The students also told investigators that their living conditions at the college were substandard, including long periods of time without any hot water, heat or air conditioning. They also stated that the food provided by the college “was expired or insufficient for consumption and nutrition,” according to the affidavit.
The Sun News is not naming the alleged victims because of privacy concerns in an ongoing investigation.
One student told investigators he had been promised $100 per week as part of a work-study program with the college. That student said he only makes $50 per week and regularly works between 46 hour and 56 hours each week. The student also said he worked for two weeks without any pay.
Another student told investigators that he was paid $50 per week for about 32 hours of work.
“Dr. Miller told [the student] if he did not like this work, he could go home or he [Miller] would call the Immigration and Naturalization Service,” the affidavit states.
Another student at the college said he earns $50 per week for 40 hours of work.
“At one point, Dr. Miller told [the student] he needed to work harder in order to receive the necessary paperwork to return back to the United States” after visiting his family in a foreign country, the affidavit states. “When Dr. Miller finally gave [the student] the paperwork, Dr. Miller told him that when he returned . . . he would then work 28 hours per week, but get paid $25 per week until his work improved.”
Investigators said the students’ work is subject to U.S. minimum wage and hour laws and that Miller does not have an exemption or authorization to pay the students at the below-minimum wage rates they described.
Cathedral Bible College markets itself via the Internet to foreign students and offers degrees in theology, divinity, Christian counseling, Christian ministry and a diploma in Bible studies. Investigators said Miller misrepresented the school’s education, working and housing situations to foreign students who applied to attend Cathedral Bible College.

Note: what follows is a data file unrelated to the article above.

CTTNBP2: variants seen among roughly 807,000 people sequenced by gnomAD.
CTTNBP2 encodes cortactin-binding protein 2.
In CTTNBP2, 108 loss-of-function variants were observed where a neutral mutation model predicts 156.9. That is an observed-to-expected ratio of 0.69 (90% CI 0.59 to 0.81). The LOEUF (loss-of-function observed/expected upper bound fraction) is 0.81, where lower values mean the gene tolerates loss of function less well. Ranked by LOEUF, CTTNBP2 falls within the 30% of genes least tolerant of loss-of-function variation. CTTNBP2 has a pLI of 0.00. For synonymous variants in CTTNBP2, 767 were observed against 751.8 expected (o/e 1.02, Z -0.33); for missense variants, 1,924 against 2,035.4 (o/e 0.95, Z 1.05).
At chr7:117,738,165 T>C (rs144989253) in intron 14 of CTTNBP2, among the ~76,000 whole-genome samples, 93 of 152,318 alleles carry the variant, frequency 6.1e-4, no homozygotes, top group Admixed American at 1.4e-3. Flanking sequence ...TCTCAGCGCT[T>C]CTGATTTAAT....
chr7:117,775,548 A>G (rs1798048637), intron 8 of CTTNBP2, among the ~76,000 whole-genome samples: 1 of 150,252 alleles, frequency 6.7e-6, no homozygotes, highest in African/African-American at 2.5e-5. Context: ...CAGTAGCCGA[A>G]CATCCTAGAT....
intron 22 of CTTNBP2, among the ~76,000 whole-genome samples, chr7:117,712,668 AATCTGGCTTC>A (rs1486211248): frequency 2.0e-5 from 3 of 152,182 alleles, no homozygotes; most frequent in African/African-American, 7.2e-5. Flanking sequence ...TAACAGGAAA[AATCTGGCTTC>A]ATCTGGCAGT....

Miller, who said on his website that he earned a doctorate of divinity degree, also was the former pastor at Grand Strand Cathedral church, located on the former base.
Miller has had a past run-in with law enforcement. In 2006, the Horry County Police Department charged Miller with lewdness and prostitution after Miller exposed himself to an undercover police officer in a bath house at Myrtle Beach State Park, according to a police report. Miller entered into a pre-trial intervention program and the charge ultimately was expunged.
Cathedral Bible College originally was founded as Tabernacle Bible Institute in 1975 in Florence. Miller moved the school to the former Myrtle Beach Air Force Base in 1995, purchasing property at a reduced rate under a federal program that gave incentives to educational facilities relocating to closed military sites.
In addition to the college, Miller initially operated a non-accredited, Christian-based school for elementary through high school students. That school eventually closed and Miller began focusing on attracting foreign students to his college in 1999 when the federal government approved Cathedral Bible College for the visa program.